Is bias fix­able?


Finweek English Edition - - MANAGEMENT -

As a brown woman, your chances of be­ing seen and heard in the world are next to noth­ing,” the mar­ket­ing guru told me. “For your ideas to be seen, they need to be edgier.” He paused, as if to ru­mi­nate on this. “But if you are edgy, you will be too scary to be heard.” This was his re­sponse when I asked for help with choos­ing the ti­tle for my sec­ond book.

I was con­fused; I couldn’t f ig­ure out how this an­swer re­lated to my orig­i­nal ques­tion. My con­fu­sion grad­u­ally turned to fear. Was some­one fi­nally do­ing me a ser­vice by telling me the truth?

For months af­ter­ward, I was a mess, see­ing frag­ments of ‘truth’ in ev­ery missed op­por­tu­nity or un­ex­pected ob­sta­cle.

Black and white. Mas­cu­line and fem­i­nine. Rich and poor. Im­mi­grant and na­tive. Gay and straight. South­ern and North­ern. Young and old. Each of us can be de­scribed as a se­ries of over­lap­ping iden­ti­ties and roles. And there are ar­gu­ments to be made about how our bi­o­log­i­cal and so­ci­o­log­i­cal pro­gram­ming causes us to shape our per­sonal iden­ti­ties around group struc­tures. But the bot­tom line is this: as a so­ci­ety, we do not see one an­other clearly. We see ab­stract his­to­ries and gen­er­alised as­sump­tions, in­stead of the dis­tinct con­stel­la­tion of in­ter­ests, pas­sions, vi­sions and hopes that makes up each of us.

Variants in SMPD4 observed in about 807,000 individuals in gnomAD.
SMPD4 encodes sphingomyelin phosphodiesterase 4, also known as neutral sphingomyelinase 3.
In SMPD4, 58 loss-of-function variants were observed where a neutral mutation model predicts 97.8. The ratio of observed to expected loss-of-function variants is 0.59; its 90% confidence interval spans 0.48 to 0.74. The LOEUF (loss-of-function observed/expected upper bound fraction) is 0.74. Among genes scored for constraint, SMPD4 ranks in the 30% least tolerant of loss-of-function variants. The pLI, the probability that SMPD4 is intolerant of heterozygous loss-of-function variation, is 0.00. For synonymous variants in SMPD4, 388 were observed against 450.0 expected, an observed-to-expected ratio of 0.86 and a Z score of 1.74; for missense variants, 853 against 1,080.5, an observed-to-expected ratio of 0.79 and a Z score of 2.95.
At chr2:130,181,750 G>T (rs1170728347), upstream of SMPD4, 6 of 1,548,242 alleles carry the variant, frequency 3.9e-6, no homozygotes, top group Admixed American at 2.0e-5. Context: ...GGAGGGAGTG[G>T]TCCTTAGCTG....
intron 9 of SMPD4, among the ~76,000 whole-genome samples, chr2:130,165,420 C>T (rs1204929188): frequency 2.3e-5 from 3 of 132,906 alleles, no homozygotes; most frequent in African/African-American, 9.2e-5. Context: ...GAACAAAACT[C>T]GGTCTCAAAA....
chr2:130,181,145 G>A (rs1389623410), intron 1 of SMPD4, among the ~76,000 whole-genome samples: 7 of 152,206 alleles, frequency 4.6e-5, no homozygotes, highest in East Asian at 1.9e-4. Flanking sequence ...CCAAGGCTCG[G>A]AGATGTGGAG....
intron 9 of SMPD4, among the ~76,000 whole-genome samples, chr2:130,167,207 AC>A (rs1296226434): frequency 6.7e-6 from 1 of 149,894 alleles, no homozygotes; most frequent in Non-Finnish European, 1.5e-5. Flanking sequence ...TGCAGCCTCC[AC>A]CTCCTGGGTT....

As David Burkus re­cently wrote in an ar­ti­cle for, in­no­va­tion isn’t ham­pered by a lack of ideas, but by an in­abil­ity to no­tice the good ideas that al­ready ex­ist. To see and be seen is es­sen­tial to prob­lem­solv­ing. ‘See­ing’ doesn’t seem like an es­pe­cially hard thing to do, but it is. That’s be­cause of bias. Bias is shaped by broader cul­ture; if some­thing is widely per­ceived to be ‘ true’, then see­ing it neu­trally be­comes much more dif­fi­cult. Recog­nis­ing bias means recog­nis­ing that you are

not im­par­tial and ac­knowl­edg­ing that you pre-screen the world around you by see­ing what you ex­pect to see.